I'm no expert on the subject, just want to share what I've learned and encourage others to try it-safely. There's no way I can cover it in detail here, just want to encourage folks to think about the DIY possibilities.
First step is preparation. I take a 100 qt Igloo on most hunts here in TX, the weather and geography make that part of a good plan. A 54 qt will hold one S TX deer, my 100 qt cooler will hold two (or a big hog!) easily. Inside I'll put at least 4 bags of ice at my last fuel stop. Next step comes after the critter is dressed and cooled a bit, if possible. Skinning is pretty straightforward, many good videos on the subject on youtube. Quartering pretty straightforward as well, with S. TX whitetail the leg quarters, loin, tenderloin, heart and liver go in the ice chest and get covered with ice. Takes no more equipment than proper field dressing! I generally trim all the good meat off the ribcage and discard it or use it for coyote bait. Keep the meat covered in ice until you get home, draining off water and adding ice as needed.
Converting your kitchen to a butcher shop is no big deal, a good scrubbing before and after are important steps that can't be overlooked. Efficient butchering involves sharp knives, cold meat, and a good cutting board or two. I keep the meat in the cooler until it goes on the cutting board. I generally just debone the meat and package it as roasts or 1" chunks. Chunks are used for stew or sausage. I like to package the meat in vacuum or ziploc freezer bags, labeling is important. I try to spread the bags of meat around in the freezer so they freeze quickly. Once everything is in the freezer you can scrub the kitchen and start planning menus!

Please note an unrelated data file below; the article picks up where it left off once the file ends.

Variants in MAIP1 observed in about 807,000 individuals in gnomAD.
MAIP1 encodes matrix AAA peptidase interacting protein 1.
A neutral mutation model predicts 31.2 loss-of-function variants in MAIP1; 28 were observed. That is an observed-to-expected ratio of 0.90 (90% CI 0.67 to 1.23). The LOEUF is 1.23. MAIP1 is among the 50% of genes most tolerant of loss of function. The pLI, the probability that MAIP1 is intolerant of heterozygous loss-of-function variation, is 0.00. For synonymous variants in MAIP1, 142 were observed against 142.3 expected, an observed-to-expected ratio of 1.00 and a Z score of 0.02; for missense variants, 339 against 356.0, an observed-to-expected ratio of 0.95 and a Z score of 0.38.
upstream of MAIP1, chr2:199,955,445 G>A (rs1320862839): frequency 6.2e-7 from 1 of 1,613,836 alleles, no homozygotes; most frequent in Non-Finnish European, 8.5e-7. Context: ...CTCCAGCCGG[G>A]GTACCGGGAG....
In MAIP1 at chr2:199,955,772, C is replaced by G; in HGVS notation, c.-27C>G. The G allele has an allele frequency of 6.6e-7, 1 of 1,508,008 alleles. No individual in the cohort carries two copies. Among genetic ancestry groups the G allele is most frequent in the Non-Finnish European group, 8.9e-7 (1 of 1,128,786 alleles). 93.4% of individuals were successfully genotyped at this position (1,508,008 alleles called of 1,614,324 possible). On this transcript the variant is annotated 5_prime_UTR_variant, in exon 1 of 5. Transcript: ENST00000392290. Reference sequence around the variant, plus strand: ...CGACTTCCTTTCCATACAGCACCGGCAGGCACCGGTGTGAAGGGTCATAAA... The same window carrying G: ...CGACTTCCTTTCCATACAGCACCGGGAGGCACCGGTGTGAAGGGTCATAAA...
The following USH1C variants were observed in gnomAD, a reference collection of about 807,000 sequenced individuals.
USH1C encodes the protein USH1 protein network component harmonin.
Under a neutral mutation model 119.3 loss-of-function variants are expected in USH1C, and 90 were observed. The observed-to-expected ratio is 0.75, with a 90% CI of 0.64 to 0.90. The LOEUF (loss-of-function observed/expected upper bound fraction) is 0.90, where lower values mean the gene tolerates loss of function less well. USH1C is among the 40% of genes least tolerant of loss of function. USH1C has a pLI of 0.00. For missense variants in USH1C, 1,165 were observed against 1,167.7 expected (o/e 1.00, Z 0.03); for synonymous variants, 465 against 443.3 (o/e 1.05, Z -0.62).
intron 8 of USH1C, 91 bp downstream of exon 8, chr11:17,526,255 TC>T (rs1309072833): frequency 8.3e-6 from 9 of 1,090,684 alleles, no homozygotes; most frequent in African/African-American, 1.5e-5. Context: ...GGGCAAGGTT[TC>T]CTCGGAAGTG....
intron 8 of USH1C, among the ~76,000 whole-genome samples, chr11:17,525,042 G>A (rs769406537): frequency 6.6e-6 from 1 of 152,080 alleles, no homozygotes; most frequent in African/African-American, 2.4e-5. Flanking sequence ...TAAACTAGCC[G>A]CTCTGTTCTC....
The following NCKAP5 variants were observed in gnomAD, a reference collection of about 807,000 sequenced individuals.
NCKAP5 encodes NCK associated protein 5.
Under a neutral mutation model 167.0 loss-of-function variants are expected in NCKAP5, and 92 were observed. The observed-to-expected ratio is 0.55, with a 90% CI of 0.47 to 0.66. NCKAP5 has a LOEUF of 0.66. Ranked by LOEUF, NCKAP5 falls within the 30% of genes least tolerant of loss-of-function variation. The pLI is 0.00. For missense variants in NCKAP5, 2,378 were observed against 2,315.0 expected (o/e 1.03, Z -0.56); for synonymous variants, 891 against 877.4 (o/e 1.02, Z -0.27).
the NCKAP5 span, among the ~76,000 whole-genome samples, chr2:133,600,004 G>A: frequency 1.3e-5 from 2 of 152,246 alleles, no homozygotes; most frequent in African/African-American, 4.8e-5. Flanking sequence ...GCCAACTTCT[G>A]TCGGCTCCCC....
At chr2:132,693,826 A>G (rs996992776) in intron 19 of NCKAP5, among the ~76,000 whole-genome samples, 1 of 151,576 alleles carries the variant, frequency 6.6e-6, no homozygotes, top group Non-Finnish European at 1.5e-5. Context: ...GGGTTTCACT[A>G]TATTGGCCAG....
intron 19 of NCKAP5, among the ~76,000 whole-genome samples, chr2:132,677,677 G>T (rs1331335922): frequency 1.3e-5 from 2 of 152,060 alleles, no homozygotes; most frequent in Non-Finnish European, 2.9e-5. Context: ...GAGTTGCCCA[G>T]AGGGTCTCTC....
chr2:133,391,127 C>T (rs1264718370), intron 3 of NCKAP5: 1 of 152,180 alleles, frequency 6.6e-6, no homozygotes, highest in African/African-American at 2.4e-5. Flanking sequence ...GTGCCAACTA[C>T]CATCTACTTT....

I've only hit the high points here, please share your tips or feel free to ask questions! Nothing against commercial processors but they aren't always the best way to get wild game into the freezer.